Although standards are not regulatory or government imposed, they can be used to help support national regulations. They are created as a result of experts, professionals and consumers working together to establish guidance and advice for mutual benefit and to ensure high quality.
In the case of solar PV systems, compliance with IEC 62446 means PV system owners should be assured that the installation they are investing in is safe and adheres to an internationally recognised level of expected quality.
IEC 62446 does this by setting out the information and documentation that should be provided to the customer following the installation of a solar PV panel system and also the initial (and periodic) electrical inspection and testing required.
In short the standard sets out measures to ensure that:
- The PV panels and electrical supply connections have been wired up correctly
- That the electrical insulation is good
- The protective earth connection is as it should be
- There has been no damage to cables during installation
In Europe, the standard has been adopted as a European EN in many member states and is generally regarded as making a significant contribution to improving the quality and safety of PV systems.
In the UK, for example, the British Microgeneration Certification Scheme (MCS) has adopted the principles of IEC 62446 as the basis for its testing and documentation regime. As a result, the fundamentals of the standard are effectively enforced because no feed-in-tariff will be paid unless the installation has been installed by an MCS accredited installer.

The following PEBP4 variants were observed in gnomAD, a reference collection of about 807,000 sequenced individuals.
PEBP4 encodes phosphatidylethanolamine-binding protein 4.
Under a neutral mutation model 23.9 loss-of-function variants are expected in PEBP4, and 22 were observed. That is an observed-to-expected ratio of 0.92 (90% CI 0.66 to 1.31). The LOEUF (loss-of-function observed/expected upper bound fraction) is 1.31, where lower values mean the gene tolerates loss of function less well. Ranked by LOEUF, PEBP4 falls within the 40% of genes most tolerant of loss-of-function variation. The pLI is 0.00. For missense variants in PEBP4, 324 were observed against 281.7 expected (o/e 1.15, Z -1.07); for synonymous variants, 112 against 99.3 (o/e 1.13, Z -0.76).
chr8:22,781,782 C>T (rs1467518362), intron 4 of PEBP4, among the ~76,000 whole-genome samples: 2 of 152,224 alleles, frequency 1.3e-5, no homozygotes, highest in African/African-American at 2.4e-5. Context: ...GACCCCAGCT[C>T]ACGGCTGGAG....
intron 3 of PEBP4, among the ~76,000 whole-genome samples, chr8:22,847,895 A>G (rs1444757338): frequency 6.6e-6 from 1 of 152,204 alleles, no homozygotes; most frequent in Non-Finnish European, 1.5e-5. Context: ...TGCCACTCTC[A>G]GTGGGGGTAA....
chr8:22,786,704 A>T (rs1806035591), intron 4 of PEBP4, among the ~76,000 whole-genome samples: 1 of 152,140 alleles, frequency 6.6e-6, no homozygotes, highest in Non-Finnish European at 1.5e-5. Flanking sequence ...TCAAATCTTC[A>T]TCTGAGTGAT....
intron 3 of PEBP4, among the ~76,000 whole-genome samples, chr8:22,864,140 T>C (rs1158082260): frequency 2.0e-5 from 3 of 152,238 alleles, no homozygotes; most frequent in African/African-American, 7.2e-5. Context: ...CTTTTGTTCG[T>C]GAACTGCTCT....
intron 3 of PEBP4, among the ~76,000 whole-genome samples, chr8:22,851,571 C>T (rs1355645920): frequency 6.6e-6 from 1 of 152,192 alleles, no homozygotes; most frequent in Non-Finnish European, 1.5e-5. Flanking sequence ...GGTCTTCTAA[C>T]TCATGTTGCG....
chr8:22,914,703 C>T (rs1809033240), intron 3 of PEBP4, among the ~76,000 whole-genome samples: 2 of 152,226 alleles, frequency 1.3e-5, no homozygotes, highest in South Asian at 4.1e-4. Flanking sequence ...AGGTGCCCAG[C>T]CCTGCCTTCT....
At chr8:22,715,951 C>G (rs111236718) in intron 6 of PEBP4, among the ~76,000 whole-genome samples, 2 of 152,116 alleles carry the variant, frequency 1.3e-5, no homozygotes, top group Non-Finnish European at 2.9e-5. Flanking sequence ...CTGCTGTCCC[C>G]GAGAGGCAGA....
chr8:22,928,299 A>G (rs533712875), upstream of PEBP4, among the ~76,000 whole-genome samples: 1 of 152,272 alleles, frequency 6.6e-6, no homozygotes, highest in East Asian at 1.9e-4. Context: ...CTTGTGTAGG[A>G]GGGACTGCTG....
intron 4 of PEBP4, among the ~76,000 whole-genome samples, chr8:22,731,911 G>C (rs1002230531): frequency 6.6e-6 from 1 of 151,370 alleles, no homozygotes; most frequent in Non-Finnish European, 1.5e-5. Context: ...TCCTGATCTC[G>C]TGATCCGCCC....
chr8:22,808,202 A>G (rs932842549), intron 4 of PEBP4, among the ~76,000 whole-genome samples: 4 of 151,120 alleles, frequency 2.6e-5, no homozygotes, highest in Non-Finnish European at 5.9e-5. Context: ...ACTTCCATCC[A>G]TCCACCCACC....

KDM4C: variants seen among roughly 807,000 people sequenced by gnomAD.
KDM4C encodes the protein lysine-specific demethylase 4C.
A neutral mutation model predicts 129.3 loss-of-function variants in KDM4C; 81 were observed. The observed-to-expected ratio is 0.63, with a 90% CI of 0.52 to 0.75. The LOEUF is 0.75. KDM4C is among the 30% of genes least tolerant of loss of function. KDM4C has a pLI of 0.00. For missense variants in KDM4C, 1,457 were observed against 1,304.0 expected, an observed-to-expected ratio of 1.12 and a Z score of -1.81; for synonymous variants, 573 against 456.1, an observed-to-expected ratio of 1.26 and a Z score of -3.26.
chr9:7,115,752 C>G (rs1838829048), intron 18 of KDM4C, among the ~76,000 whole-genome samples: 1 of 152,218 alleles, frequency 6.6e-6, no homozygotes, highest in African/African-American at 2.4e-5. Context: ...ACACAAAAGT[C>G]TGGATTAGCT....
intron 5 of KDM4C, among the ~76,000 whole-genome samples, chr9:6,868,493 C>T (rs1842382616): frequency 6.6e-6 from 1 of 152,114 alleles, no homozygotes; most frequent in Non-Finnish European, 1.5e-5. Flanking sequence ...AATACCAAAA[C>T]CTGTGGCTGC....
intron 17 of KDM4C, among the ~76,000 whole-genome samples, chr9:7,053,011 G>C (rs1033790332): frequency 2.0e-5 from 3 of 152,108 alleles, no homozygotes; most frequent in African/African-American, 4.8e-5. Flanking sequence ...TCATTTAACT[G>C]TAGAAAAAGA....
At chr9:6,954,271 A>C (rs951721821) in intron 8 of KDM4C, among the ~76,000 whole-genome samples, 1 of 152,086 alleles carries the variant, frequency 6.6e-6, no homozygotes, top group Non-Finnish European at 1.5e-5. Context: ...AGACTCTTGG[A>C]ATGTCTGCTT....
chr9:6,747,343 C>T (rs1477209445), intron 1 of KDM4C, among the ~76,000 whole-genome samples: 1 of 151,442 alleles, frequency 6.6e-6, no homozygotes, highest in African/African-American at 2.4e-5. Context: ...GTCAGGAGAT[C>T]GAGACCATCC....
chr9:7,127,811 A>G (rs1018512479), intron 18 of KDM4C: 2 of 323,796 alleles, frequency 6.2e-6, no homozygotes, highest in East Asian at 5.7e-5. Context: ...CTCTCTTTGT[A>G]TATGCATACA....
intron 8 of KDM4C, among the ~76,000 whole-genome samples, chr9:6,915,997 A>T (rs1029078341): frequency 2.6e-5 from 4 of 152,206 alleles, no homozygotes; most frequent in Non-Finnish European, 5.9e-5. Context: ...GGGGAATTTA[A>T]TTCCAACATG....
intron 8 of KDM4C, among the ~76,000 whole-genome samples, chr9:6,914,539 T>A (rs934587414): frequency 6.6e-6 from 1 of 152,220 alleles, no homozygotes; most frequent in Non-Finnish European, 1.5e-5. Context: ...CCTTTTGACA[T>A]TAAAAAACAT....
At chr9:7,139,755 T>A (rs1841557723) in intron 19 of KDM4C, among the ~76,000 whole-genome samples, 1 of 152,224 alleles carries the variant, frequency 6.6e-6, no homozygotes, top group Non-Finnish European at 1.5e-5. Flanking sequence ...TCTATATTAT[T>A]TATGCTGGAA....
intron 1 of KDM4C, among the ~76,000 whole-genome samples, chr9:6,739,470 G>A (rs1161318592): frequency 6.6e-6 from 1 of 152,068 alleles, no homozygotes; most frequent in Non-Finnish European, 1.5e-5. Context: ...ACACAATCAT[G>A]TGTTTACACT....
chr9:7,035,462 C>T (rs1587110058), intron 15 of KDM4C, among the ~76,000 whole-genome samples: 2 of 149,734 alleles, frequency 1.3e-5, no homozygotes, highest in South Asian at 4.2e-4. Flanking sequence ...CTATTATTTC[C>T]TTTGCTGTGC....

It is interesting to note that the emphasis is on documentation, and this is in effect the evidence used to demonstrate that appropriate precautions and tests were undertaken prior to the handing over of a PV system to the property owner. Such information not only provides evidence to the consumer that work has been performed correctly, but it also acts as a check list to an installer and ensures that best practice is followed with the work that is being undertaken.
There are many instruments available that are sold under the title of ‘solar testers’ so it is vital to ensure that the instruments selected are capable of performing all of the tests required by the various compliance requirements.
The absolute minimum testing that needs to be undertaken involves earth continuity measurements (where applicable), open circuit voltage, polarity, short circuit current, insulation and irradiance.
To meet the electrical test needs some contractors have used multiple instruments that typically include an earth continuity and insulation resistance tester‚ a multimeter, DC clamp meter along with various associated connectors and leads to apply a short circuit to the system under test.
However, the danger with such ‘homemade kits’ is that they may pose a risk of harm to the user, not all of the tests required by IEC 62446 will be covered and, with different PV system electrical tests potentially requiring the use of different testers, using such an array of instruments can be cumbersome and time consuming.
When it comes to solar PV electrical test instrumentation, the choice for the installer is therefore between using general purpose individual items of equipment against all in one combination PV testers and dedicated electrical test kits that enable measurements to be taken in a fast, safe and efficient fashion.
In this respect, given the recent reductions to solar feed in tariffs, the ability of multi-function testers to help installers to work faster and more efficiently without reducing the integrity of testing is set to become even more important in terms of remaining competitive. In addition, all in one testers only require a single calibration service, which also reduces the ongoing cost of PV system testing when compared to using multiple instruments.
In terms of working more efficiently dedicated solar PV testers can also record and provide results in a format that is compatible with data recording programs that assist greatly in the creation of comprehensive system information folders for use in customer test certificates and system commissioning packs.
A better understanding and acceptance of the importance of effective installation, commissioning and testing is therefore a fundamental requirement to safeguard the fires safety and integrity of solar PV installations.